This tends to be the case for smaller banks, especially smaller banks in developing or third world countries. Which is a big part of the reason why swapping in and out of USDs is so expensive for them.
As you can see, correspondent banking is how money really moves around the world, which is really based on an understanding of what bank reserves really are, and the role they play in the financial system.
The Real Financial Nuke
Consequently, the real nuclear option has nothing to do with SWIFT.
It has to do with sanctions banning all banks with access to the US interbank payment system from having correspondent relationships with Russian banks.
If one wants to make it even more “nuclear”, throw in sanctions cutting Russian banks from accessing the European interbank system as well, so that they can’t make or receive payments in Euros.
Obviously, this won’t be easy to enforce in practice, since correspondent banking chains can be long, with counterparties far down the chain difficult, if not impossible to identify.
It is, after all, quite possible that banks in the chain who know that they are directly linked to a Russian bank still choose to act on their behalf.
Naturally, such a move comes with severe second order effects.
Russian banks being unable to transact in USDs necessarily means that Russian businesses cannot make payments to trading partners all across the globe. While some, if not many, businesses in Russia will default, non-Russian ones all around the world will too.
Of course, imposing such a ban also means that payments for Russia’s oil and gas exports can no longer be made, which would drive energy prices across the globe even higher. This could even lead to disasters in some parts of Europe which are struggling with record high natural gas and electricity prices.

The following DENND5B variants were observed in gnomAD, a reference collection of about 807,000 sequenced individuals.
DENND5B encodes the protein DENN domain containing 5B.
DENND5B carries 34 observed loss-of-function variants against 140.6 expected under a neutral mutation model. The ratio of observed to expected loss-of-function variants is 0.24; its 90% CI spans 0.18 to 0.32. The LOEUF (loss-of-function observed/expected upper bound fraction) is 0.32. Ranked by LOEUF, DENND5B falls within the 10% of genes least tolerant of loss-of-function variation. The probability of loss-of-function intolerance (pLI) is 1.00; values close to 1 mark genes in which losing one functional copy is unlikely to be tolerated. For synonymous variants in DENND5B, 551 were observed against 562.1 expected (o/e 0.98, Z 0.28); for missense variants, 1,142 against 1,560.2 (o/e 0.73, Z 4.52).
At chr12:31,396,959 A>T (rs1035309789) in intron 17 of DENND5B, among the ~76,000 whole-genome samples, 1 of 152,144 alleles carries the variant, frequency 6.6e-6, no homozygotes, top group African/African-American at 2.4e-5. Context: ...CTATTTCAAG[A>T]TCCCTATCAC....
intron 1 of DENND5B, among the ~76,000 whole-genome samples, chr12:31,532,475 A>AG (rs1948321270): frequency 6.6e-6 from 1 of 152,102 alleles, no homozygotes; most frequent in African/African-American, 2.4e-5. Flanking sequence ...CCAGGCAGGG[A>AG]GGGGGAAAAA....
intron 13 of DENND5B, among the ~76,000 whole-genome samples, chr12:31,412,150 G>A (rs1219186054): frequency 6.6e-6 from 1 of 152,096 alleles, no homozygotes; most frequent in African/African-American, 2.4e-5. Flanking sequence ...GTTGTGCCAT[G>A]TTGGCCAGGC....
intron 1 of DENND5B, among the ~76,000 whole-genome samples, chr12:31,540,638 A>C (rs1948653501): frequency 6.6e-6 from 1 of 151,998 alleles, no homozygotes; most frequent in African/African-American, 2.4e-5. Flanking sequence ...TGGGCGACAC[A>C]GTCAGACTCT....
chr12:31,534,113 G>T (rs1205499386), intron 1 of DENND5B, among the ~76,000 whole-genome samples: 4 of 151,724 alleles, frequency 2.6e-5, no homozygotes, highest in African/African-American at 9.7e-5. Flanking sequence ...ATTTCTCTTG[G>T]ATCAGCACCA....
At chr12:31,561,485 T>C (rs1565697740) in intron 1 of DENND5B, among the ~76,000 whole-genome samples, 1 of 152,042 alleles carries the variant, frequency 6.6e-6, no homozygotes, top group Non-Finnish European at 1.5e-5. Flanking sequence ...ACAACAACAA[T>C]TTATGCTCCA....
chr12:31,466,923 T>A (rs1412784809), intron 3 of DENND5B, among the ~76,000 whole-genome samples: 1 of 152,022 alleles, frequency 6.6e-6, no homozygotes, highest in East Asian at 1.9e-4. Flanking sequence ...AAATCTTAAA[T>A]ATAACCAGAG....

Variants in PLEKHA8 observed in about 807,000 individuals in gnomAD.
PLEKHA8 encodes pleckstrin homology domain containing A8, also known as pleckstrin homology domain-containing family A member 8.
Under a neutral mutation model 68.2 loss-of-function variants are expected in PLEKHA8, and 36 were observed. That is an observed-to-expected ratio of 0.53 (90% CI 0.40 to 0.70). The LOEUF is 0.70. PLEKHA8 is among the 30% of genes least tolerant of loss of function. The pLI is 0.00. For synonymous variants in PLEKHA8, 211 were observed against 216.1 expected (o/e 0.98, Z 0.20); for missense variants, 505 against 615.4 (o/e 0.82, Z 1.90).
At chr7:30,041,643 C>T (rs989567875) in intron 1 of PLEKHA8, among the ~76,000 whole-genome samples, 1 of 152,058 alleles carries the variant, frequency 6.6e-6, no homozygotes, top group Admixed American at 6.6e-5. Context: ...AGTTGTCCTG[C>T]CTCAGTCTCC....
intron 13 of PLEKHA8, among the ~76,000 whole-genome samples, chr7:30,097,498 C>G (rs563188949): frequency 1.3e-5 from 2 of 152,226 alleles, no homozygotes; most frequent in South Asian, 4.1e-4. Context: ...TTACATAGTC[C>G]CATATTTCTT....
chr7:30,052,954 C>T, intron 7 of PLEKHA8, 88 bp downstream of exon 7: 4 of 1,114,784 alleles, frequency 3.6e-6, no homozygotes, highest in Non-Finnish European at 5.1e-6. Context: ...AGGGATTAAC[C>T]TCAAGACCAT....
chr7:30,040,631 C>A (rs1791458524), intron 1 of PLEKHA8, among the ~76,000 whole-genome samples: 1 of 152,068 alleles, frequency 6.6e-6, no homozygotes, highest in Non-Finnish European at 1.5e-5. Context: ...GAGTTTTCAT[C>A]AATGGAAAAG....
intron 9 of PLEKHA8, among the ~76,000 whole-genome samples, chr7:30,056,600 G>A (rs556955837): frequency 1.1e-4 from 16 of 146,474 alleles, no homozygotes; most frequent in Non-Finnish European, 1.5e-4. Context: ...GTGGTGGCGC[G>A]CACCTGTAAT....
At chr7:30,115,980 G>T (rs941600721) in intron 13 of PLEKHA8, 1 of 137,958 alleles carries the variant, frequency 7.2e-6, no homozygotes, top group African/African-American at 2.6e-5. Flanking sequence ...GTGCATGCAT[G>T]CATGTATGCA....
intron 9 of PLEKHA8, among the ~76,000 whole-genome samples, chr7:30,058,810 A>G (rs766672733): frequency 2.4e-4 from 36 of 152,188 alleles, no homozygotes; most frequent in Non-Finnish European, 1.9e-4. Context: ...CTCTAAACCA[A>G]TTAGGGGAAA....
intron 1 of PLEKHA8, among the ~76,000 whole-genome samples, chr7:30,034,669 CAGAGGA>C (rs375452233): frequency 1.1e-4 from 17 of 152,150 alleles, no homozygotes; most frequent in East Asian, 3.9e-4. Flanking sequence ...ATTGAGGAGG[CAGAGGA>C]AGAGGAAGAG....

Whether or not Western allies will ever impose such sanctions is unclear. Although, from how sanctions have been developed and sold to the public so far, it seems unlikely that the US or EU will choose to do so.
That being said, they might not have to, simply because of how severely misunderstood the SWIFT ban was. Russian banks are reportedly already facing runs on USD deposits, with the economic situation in Russia looking more uncertain with each passing day.
Whether or not the banking panic in Russia levels out soon, and its economy isn’t too adversely affected by it remains to be seen, but it does give us an important reminder:
What is true is not necessarily as important as what people believe to be true.
At the end of the day, it’s paradigm that truly matters. People rushing for the exit based on rumor or false belief is just as destructive as them doing so based on fact.
If this misunderstanding of SWIFT sanctions contributes to a quicker end to Russian belligerence and destruction in Ukraine, without the need to deploy the true financial nuke, all the better.